Thirteen children graced this union, beginning with Thadeus B,, born June 21, 1834, and ending with Flora Evangeline, May 27, 1858. Their names and place of birth are here enumerated: Thadeus B. and Ann Eliza Born in Ohio; John Wallace, Helen C., Abner K., Nancy M., Mortimer W., Mary Annette, Kate Maria, in Ohio; baby girl not named, Rutland, Wisconsin; Frank and brother twins born at Union, Wisconsin, February 5, l856, the brother died March 5, unnamed; Flora Evangeline, Union, Wisconsin. Thadeus died October 3, l835. Ann Eliza married W. S. Pitts at Union, Wisconsin, December, 1858. She died August 12, 1886 at Fredericksburg. John Wallace was a Union Soldier; was shot and died at Paris, Tennessee, March 17, 1862, Helen C. married V. H. Kendall, April 21, 1861; she died November 18, 1871. Abner K, died at Du Vall's Bluff, Arkansas, November 17, 1864. Nancy M. married Robert Padden, June 26, 1873. She died at Oakdale, Neb., January 28, 1889. Her son Paul, to whom she gave birth a few days prior to her death, is now a famous boy singer at Kansas City. Mortimor married Ida Teape of Horton, Iowa, November 6, 1869; he lives in Fredericksburg. He was postmaster here for eight years under Cleveland. Mary Annette married William H. Grems September 9, 1869. Kate Marie married Christopher T. Haskett March 7, 1877. Frank Leslie married Ida L. Mabie, November 26, 1874. Flora Evangeline married William H. Bates, March 13, 1878. They live in California. Mrs. Eliza Ann Warren, widow of A. K. Warren, was a woman of heroic mould, a woman of the true New England type. Her whole life was an honor to her forebears. She survived her husband thirty-three years, dying at Fredericksburg March 6, 1896, at the age of eighty-three years.
Hooper Warren was born at Sacketts Harbor, state of New York; brother of A. K. Warren. He married Charlotte Robinson, of South Hero, Vermont. Came to Wisconsin from the east. Came from there to this place in 1861. He kept the Julien House the winter 1861-2. He then moved to McGregor where he kept hotel. After he went to Clermont, Fayette county, and was in the hotel there. He then went to Conover, or near there, finally settling at Fort Atkinson where he died. Seven children were born to these parents: Julia, Laura, Asel, Isabelle, Ida, Cora and Giles. Julia married M. E. Coleman, who at the time of their marriage was a station agent for the St. Paul and Milwaukee road at Conover, Iowa; they live now in Dakota. Laura married James Dorsey; they live at Tilden, Nebraska. Asel is unmarried; his abiding place is unknown. Isabelle married George Crum. Ida married Ed. Crue. Cora married Lewis Crum, and Giles a Calmar girl named Mazy Ryan; they all live at Tilden, Nebraska. Mrs. Charlotte Warren, widow of Hooper Warren, lives with her daughter Ida. Mrs. A. K. Warren, Mrs. Hooper Warren, Mrs. George R. Manchester and Mrs. David Dorn were sisters.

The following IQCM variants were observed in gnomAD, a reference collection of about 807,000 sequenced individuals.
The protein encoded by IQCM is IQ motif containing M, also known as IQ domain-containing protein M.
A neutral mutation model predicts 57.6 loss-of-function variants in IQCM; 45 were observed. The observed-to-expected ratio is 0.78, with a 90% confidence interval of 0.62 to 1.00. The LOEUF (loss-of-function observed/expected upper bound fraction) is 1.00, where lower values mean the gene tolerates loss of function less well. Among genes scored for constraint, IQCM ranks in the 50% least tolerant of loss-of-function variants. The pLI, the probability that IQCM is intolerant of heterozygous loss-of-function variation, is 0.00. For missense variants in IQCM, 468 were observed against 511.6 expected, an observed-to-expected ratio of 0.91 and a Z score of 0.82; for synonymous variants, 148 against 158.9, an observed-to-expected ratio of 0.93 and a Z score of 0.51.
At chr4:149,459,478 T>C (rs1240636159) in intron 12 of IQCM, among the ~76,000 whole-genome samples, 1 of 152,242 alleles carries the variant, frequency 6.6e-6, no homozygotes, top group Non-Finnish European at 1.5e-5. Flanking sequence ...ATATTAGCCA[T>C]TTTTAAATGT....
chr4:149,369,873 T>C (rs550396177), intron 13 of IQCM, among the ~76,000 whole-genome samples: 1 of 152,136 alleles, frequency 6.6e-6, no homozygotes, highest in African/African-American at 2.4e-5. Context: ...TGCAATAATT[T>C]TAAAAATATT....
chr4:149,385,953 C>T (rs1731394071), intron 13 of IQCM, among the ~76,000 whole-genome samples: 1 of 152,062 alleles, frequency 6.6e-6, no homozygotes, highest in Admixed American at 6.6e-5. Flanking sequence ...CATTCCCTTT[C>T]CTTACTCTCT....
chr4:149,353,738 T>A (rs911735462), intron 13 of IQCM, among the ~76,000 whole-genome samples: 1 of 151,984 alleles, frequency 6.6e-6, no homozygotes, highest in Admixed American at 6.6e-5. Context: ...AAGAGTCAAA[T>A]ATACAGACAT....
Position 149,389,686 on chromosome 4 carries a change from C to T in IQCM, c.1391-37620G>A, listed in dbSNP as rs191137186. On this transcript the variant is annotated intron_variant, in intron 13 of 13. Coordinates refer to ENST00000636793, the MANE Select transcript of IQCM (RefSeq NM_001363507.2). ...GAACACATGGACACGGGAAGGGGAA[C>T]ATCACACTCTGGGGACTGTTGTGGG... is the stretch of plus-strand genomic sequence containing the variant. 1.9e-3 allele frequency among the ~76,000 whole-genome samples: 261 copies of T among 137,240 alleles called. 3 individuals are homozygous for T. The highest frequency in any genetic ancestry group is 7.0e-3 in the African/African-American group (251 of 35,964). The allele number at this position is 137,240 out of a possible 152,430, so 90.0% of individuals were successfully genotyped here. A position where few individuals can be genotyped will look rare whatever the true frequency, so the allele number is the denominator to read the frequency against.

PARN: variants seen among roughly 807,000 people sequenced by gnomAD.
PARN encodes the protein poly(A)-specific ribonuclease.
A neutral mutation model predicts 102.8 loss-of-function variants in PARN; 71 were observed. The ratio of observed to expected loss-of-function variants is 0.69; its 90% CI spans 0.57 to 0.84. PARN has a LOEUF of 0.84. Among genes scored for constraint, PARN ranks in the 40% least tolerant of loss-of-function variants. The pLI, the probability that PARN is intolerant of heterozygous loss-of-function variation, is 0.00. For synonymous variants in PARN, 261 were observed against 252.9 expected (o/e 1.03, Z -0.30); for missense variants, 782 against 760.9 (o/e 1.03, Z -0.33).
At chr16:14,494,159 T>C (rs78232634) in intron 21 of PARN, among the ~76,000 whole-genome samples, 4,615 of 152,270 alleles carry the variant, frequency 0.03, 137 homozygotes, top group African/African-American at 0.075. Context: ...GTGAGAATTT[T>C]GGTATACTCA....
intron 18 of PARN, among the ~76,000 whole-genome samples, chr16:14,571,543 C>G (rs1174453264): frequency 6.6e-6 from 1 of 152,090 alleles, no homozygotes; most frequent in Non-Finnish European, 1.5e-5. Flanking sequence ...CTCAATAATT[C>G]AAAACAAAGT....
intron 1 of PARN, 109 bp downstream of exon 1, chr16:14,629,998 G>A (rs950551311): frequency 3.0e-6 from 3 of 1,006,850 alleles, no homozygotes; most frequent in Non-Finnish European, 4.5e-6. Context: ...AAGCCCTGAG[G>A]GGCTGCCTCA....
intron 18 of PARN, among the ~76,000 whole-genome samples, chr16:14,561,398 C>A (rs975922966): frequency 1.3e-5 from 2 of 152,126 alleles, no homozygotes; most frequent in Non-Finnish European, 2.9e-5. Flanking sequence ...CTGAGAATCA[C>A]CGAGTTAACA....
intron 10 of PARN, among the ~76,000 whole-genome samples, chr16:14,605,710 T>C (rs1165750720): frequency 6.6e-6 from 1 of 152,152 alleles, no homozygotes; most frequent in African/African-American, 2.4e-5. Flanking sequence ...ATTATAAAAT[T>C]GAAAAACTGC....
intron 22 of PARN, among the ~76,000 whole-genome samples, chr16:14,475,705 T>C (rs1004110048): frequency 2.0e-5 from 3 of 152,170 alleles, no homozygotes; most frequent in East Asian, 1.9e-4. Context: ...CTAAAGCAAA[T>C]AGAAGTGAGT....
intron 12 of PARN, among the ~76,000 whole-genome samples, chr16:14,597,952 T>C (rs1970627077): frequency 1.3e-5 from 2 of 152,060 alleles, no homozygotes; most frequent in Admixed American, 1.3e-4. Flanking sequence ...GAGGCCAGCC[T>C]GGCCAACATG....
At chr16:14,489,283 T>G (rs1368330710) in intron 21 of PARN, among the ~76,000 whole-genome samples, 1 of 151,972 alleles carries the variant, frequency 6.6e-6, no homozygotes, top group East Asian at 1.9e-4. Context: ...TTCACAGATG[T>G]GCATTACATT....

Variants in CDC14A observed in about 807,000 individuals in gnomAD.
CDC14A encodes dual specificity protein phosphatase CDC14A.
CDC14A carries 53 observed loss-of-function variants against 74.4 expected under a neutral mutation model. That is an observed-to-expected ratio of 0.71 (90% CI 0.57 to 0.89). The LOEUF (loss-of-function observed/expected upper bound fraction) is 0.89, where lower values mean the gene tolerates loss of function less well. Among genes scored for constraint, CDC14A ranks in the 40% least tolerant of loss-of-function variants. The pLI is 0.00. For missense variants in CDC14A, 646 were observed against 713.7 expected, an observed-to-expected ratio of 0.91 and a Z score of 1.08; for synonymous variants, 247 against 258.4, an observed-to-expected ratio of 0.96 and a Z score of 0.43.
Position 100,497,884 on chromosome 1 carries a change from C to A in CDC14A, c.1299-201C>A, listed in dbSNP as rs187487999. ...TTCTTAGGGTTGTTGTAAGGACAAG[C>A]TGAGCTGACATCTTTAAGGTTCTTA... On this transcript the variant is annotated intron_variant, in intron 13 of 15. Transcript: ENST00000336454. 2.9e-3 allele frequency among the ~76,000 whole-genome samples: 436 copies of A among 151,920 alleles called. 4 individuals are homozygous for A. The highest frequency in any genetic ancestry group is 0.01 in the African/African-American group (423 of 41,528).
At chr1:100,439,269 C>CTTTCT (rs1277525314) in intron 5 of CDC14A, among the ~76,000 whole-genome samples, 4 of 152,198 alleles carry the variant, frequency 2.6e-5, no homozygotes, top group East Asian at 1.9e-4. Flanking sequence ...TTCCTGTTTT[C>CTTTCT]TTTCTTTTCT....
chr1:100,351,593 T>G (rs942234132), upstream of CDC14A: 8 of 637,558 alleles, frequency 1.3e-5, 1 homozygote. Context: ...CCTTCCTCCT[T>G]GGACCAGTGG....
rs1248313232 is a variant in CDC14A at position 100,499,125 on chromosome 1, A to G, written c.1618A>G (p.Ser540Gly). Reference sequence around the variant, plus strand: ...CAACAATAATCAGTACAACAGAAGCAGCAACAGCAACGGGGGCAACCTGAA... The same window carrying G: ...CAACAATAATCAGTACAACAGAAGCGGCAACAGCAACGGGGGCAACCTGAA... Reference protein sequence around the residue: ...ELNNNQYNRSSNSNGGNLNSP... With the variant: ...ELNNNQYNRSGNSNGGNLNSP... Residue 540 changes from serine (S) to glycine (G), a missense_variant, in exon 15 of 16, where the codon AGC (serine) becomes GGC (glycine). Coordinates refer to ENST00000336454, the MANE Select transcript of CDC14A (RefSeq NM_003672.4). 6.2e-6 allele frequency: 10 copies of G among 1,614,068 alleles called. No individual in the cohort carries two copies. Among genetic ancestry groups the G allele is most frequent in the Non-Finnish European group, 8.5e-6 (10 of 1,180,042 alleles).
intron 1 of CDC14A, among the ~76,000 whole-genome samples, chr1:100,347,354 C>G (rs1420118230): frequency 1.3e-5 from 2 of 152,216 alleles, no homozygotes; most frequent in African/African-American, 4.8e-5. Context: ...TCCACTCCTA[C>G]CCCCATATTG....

George Weikle came in 1855. He pitched his tent on land one mile north of town and lived on it all summer. He is said to have built a log house near the William Case place, but I cannot remember it being there. He moved to Michigan.
Howard Weikle went to the war in the Second Iowa Cavalry, Company "I". He went with the rest of the Weikles.